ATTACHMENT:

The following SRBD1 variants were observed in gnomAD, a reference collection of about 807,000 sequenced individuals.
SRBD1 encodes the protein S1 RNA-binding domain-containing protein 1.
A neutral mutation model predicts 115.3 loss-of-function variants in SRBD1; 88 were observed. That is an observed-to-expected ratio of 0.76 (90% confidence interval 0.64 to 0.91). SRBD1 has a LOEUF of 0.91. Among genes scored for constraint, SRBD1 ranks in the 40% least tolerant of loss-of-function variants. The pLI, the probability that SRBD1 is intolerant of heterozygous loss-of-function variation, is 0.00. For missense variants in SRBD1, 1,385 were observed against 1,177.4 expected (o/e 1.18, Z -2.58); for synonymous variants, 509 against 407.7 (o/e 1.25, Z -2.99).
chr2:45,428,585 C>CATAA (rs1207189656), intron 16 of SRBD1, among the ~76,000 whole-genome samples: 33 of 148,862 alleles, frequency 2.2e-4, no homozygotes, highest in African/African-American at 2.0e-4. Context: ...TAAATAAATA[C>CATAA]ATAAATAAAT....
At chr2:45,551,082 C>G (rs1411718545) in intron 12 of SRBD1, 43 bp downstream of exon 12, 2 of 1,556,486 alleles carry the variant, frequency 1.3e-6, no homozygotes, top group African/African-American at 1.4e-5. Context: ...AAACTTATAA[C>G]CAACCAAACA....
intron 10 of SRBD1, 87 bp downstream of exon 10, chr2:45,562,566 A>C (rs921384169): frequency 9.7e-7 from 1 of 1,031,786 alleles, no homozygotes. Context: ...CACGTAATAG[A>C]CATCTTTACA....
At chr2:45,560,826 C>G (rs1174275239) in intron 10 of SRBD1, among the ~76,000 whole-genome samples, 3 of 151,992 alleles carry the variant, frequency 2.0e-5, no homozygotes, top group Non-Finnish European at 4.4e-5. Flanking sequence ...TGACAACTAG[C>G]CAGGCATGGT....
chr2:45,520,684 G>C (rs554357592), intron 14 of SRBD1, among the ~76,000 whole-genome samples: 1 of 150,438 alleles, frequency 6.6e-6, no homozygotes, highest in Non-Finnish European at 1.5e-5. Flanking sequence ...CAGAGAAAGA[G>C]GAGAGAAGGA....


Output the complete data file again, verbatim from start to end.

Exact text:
The following SRBD1 variants were observed in gnomAD, a reference collection of about 807,000 sequenced individuals.
SRBD1 encodes the protein S1 RNA-binding domain-containing protein 1.
A neutral mutation model predicts 115.3 loss-of-function variants in SRBD1; 88 were observed. That is an observed-to-expected ratio of 0.76 (90% confidence interval 0.64 to 0.91). SRBD1 has a LOEUF of 0.91. Among genes scored for constraint, SRBD1 ranks in the 40% least tolerant of loss-of-function variants. The pLI, the probability that SRBD1 is intolerant of heterozygous loss-of-function variation, is 0.00. For missense variants in SRBD1, 1,385 were observed against 1,177.4 expected (o/e 1.18, Z -2.58); for synonymous variants, 509 against 407.7 (o/e 1.25, Z -2.99).
chr2:45,428,585 C>CATAA (rs1207189656), intron 16 of SRBD1, among the ~76,000 whole-genome samples: 33 of 148,862 alleles, frequency 2.2e-4, no homozygotes, highest in African/African-American at 2.0e-4. Context: ...TAAATAAATA[C>CATAA]ATAAATAAAT....
At chr2:45,551,082 C>G (rs1411718545) in intron 12 of SRBD1, 43 bp downstream of exon 12, 2 of 1,556,486 alleles carry the variant, frequency 1.3e-6, no homozygotes, top group African/African-American at 1.4e-5. Context: ...AAACTTATAA[C>G]CAACCAAACA....
intron 10 of SRBD1, 87 bp downstream of exon 10, chr2:45,562,566 A>C (rs921384169): frequency 9.7e-7 from 1 of 1,031,786 alleles, no homozygotes. Context: ...CACGTAATAG[A>C]CATCTTTACA....
At chr2:45,560,826 C>G (rs1174275239) in intron 10 of SRBD1, among the ~76,000 whole-genome samples, 3 of 151,992 alleles carry the variant, frequency 2.0e-5, no homozygotes, top group Non-Finnish European at 4.4e-5. Flanking sequence ...TGACAACTAG[C>G]CAGGCATGGT....
chr2:45,520,684 G>C (rs554357592), intron 14 of SRBD1, among the ~76,000 whole-genome samples: 1 of 150,438 alleles, frequency 6.6e-6, no homozygotes, highest in Non-Finnish European at 1.5e-5. Flanking sequence ...CAGAGAAAGA[G>C]GAGAGAAGGA....